A Season-Long Goal-Setting Intervention for Elite Youth Basketball Teams


JOURNAL OF APPLIED SPORT PSYCHOLOGY, 2019 (SCI-Expanded) identifier identifier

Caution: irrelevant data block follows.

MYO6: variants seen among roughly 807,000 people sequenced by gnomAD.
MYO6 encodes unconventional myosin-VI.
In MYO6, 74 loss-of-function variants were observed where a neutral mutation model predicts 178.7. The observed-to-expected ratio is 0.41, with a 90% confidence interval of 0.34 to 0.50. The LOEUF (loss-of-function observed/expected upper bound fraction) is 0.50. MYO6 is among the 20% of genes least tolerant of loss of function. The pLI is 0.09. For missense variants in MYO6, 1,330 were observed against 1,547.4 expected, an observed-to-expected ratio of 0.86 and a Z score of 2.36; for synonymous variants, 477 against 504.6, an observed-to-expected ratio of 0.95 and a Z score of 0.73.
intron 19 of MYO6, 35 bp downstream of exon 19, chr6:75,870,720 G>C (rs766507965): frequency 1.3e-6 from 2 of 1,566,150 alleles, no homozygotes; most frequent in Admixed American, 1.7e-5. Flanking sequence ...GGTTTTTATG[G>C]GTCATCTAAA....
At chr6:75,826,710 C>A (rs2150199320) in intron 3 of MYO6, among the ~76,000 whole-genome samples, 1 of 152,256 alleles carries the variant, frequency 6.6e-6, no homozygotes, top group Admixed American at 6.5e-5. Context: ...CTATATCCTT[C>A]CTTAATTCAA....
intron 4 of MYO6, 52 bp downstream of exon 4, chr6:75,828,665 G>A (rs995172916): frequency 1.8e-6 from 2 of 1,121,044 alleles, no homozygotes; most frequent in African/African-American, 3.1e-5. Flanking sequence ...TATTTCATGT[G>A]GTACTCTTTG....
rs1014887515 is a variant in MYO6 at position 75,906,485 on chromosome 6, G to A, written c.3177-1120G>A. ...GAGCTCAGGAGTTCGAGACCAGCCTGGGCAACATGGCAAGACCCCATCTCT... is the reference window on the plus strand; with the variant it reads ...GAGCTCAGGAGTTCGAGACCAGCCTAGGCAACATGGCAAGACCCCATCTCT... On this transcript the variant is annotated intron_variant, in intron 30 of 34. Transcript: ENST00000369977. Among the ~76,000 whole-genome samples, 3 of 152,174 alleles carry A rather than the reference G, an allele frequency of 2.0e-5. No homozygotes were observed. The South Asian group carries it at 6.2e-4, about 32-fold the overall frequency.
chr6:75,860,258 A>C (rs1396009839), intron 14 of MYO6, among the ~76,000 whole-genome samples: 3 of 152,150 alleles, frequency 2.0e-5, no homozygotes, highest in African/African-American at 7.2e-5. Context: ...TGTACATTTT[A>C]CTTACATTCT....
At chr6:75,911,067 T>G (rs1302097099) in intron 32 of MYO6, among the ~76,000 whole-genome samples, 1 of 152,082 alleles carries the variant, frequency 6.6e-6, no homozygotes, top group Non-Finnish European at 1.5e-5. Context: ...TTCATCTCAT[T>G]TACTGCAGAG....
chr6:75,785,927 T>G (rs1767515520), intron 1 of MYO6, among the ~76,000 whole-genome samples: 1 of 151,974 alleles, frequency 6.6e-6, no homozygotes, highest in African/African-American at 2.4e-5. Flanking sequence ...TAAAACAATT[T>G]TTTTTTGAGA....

The current study involved a season-long team goal-setting intervention within an elite youth sport population. Participants were 75 male basketball players (M-age = 16.23 years, SD = 1.40) from 6 teams that were randomly assigned to team goal-setting (n = 3) or no-treatment control (n = 3) conditions. The intervention condition received a 3-stage team goal-setting program throughout the season, whereas no systematic program was delivered to the control teams. All participants completed questionnaires assessing perceptions of team cohesion and motivational climate at 3 time-points throughout the season (beginning, midseason, end-season). Data were first analyzed using a multivariate analysis of covariance to determine differences in cohesion and motivational climate throughout the season, with pretest scores and age included as covariates. In addition, a series of multiple mediation analyses were conducted to determine whether motivational climate mediated the relationship between preseason and postseason cohesion perceptions. Findings suggest that although perceptions of cohesion remained constant for the control condition teams, those in the intervention condition experienced a decrease throughout the season. In addition, increase in ego-involving climate within the intervention group negatively affected the cohesion perceptions throughout the season; however, task-involving motivational climate decreased for teams in the intervention condition. These results highlight the importance of accounting for additional variables when conducting team-building interventions, and findings are discussed in relation to their implications for the literature, in concert with practical implications and future directions. Lay Summary: This study extends the team-building literature by conducting a season-long goal-setting intervention in elite youth sport. In recognizing previously identified limitations within the field, the intervention involved both direct and indirect delivery methods, was conducted across the entire season, and included additional constructs beyond cohesion and a control condition.